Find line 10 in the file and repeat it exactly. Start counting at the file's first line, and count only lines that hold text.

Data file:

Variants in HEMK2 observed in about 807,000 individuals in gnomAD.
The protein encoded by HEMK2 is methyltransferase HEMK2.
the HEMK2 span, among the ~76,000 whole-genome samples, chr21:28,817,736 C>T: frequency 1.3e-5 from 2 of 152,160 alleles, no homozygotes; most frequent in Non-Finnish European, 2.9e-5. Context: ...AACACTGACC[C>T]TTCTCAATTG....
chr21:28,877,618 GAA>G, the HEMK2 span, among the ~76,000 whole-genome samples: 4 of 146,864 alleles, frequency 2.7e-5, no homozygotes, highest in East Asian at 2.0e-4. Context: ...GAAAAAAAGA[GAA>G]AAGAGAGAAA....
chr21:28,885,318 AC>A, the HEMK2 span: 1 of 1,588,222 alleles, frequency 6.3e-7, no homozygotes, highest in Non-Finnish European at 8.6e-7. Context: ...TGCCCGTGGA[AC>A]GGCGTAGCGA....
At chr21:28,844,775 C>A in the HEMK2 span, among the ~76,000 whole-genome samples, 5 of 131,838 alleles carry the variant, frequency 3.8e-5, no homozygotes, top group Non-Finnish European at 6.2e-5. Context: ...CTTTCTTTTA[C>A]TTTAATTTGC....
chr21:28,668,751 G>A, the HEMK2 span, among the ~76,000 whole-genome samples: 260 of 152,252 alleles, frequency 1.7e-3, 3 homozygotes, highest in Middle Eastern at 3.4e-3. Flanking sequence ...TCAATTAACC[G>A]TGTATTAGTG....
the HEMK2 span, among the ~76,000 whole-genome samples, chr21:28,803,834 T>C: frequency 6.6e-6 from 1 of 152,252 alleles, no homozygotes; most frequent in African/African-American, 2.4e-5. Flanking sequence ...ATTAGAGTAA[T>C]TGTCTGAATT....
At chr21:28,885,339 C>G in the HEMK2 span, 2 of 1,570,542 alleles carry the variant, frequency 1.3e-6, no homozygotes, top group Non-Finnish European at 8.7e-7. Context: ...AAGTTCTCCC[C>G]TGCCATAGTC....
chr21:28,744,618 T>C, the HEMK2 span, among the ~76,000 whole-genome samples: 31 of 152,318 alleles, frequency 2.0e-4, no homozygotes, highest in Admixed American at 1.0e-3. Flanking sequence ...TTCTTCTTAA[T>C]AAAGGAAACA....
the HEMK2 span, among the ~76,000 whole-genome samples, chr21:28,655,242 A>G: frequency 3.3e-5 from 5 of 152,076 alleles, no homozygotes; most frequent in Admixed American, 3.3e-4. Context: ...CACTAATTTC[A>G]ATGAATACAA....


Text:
chr21:28,744,618 T>C, the HEMK2 span, among the ~76,000 whole-genome samples: 31 of 152,318 alleles, frequency 2.0e-4, no homozygotes, highest in Admixed American at 1.0e-3. Flanking sequence ...TTCTTCTTAA[T>C]AAAGGAAACA....